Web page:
Perhaps Hannah’s best friend, Annabella, is part of the reason Hannah is ready to “settle” on Tennyson. Annabella’s beauty eclipsed Hannah’s like the sun eclipses the moon, or at least outshines it. As Hannah says, “It aligned men, stiffened their backs, knocked their hats up from their heads.” Poor Hannah. Foulds really makes us feel for her having to compete with someone as gorgeous as that. And though she might be only a peripheral character, it’s Hannah who embodies this book’s principle theme. When she finally moves on (it’s not a spoiler, we all know Tennyson did not marry a “Hannah Allen”) she thinks “after so much nothing at all, life was finally happening, but not at all as she’d imagined.” It’s just one simple sentence, but in it is embodied the thrust of the entire book – the nature of self, and the fact that life moves on for all of us, but almost never as we expected, and seldom as we’d hoped it would, and that our sanity depends on our acceptance of this fact.
Writing about people who actually lived is one of the most difficult tasks a writer can give himself. “Real” people, people who actually lived, can seem forced and wooden when compared to entirely fictional people the writer can manipulate in any way he chooses. Obviously, the success of “The Quickening Maze” depends on Foulds’ voice, on his success in capturing the historical as well as the invented, and Foulds does a wonderful job in bringing Allen, Clare, and Tennyson to life and in making the reader care. We get the idea that he’s truly captured the essence of each man. He writes lyrically, and he writes meticulously. His writing is precise and dense and never vague, and he has the poet’s keen eye for detail.
Though Foulds does a wonderful job writing about those who really lived and recreating their lives, it’s when writing about the “mad” that Foulds is at his best. Clare, himself is drawn with particular sensitivity, but there’s also Margaret, another inmate at High Beach, an anorexic, who imagines herself to be holy and even has a vision of an angel in the forest:
“The wind separated into thumps, into wing beats. An angel. An angel there in front of her. Tears fell like petals from her face. It stopped in front of her. Settling, its wings made a chittering sound. It reached out with its beautiful hands to steady itself in the mortal world, touching leaves, touching branches, and left stains of brightness where it touched.”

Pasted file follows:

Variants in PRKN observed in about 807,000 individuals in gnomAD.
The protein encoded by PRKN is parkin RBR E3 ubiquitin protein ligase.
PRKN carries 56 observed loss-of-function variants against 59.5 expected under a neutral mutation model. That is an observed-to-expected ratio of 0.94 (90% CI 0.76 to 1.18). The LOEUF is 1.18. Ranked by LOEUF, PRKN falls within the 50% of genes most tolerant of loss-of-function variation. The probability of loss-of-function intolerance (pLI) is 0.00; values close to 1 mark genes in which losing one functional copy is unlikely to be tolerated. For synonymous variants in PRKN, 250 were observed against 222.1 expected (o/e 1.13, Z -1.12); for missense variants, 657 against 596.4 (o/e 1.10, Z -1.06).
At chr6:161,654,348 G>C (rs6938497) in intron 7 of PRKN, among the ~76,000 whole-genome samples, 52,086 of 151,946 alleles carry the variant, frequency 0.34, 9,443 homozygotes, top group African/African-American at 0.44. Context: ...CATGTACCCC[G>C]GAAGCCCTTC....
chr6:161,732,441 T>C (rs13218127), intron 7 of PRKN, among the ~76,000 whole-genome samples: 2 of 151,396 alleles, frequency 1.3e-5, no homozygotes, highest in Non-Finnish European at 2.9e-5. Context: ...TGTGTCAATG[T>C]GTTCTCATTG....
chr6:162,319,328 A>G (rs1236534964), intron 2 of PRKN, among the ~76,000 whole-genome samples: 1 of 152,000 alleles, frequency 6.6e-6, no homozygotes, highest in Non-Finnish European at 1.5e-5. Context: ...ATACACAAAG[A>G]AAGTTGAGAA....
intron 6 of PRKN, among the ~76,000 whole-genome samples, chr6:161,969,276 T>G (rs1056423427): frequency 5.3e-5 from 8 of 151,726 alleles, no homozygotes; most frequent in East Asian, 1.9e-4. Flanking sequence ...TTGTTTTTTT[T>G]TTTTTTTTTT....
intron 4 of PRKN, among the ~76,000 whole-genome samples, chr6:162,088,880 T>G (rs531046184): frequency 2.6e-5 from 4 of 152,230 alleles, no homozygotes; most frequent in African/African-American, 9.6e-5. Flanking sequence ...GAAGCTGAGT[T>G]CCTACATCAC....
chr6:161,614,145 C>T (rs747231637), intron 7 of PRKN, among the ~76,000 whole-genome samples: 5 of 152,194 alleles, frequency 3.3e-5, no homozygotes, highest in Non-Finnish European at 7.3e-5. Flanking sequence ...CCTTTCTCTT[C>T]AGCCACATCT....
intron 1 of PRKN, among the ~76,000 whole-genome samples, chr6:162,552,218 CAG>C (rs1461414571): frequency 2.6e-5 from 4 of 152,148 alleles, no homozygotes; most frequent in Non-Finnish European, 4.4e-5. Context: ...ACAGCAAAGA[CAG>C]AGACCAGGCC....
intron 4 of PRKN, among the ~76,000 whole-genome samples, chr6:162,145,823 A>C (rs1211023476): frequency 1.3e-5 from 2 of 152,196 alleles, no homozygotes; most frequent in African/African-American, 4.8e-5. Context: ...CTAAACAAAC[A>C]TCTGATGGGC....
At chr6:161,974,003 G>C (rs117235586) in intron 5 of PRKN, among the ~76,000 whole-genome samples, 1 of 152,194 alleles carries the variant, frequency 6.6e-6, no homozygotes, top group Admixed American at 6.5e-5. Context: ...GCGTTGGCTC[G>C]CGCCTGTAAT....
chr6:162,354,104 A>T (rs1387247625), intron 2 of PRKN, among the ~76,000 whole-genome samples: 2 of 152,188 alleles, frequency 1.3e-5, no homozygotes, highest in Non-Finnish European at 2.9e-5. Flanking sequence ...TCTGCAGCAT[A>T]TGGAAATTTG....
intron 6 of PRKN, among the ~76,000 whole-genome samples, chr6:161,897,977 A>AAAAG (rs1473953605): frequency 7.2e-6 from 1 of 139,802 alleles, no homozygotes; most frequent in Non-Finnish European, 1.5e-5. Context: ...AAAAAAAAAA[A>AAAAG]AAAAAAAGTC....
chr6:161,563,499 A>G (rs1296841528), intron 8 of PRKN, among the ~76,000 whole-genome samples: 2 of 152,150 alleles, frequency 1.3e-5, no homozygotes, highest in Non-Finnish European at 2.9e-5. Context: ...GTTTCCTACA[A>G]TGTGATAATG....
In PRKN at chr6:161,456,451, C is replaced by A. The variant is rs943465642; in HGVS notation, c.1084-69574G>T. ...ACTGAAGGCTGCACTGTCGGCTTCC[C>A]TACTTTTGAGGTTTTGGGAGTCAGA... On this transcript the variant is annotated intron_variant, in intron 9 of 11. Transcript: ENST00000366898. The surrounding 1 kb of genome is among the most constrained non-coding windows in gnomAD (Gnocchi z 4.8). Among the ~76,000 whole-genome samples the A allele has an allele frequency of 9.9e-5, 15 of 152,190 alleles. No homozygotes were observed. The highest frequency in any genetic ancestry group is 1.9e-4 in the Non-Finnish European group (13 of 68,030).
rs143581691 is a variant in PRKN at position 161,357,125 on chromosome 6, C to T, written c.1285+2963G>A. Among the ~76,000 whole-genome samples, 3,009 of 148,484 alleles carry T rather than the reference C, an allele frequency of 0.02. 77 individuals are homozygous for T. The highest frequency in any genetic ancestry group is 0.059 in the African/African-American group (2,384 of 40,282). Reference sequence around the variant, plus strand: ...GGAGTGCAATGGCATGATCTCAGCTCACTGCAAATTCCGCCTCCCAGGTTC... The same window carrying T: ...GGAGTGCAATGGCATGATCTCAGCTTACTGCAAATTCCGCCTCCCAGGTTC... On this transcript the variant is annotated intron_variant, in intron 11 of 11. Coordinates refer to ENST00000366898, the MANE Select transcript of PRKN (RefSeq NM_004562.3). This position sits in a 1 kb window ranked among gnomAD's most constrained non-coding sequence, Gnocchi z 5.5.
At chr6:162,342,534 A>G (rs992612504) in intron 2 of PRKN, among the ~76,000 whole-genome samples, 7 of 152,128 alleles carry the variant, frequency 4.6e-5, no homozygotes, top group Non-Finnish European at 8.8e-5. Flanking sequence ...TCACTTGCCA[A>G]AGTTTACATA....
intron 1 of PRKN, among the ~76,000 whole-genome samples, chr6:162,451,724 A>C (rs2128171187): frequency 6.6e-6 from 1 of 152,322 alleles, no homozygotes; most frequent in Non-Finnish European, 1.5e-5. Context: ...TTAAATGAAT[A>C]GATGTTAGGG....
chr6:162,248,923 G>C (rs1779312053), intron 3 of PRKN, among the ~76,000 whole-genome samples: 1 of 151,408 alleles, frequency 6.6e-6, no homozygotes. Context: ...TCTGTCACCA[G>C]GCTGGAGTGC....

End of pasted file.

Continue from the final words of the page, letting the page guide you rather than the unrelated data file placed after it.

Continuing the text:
If that isn’t gorgeous writing, nothing is.
“The Quickening Maze” is impressionistic, and so is Foulds’ beautiful prose. He can say in one sentence what it takes other, lesser writers paragraphs to tell us.
We get the best of both worlds with Foulds. “The Quickening Maze” is a shimmering, stylish, poetic book, but it’s not a book that sacrifices plot and substance to style. There’s plenty to anticipate in this novel, and we become totally involved with its characters – real and invented – and we feel what they feel, as much as we are able to do so.
I think this is either going to your “type” of book or isn’t. I don’t think there will be a lot of middle ground. Needless to say, it’s definitely my kind of book. It’s intense, intelligent, sophisticated, and beautifully strange. To Foulds’ enormous credit, he never portrays madness as an exalted state of literary enlightenment, as so many other writers have done. Although this book is lofty and lyrical and poetic, it never backs away from the truth about madness, and it never allows its reader to do so, either.
Near the book’s end, Clare is sitting among the band of Gypsies, with whom he so identifies. Sitting there:
“...he saw a tree lying on its side, barkless, stripped white, ghost-glimmering through the others…He pitied it, felt suddenly that he was it, lying there undefended, its grain tightening in the breeze.”
Though Clare pities the tree, to Foulds’ enormous credit, we don’t pity Clare. Instead, we understand him. We understand how each life is lived at the edge of madness, how one traumatic event could plunge any one of us into never ending darkness.
“The Quickening Maze” is a gorgeous book, a rare gem, polished to perfection. I couldn’t recommend it more highly.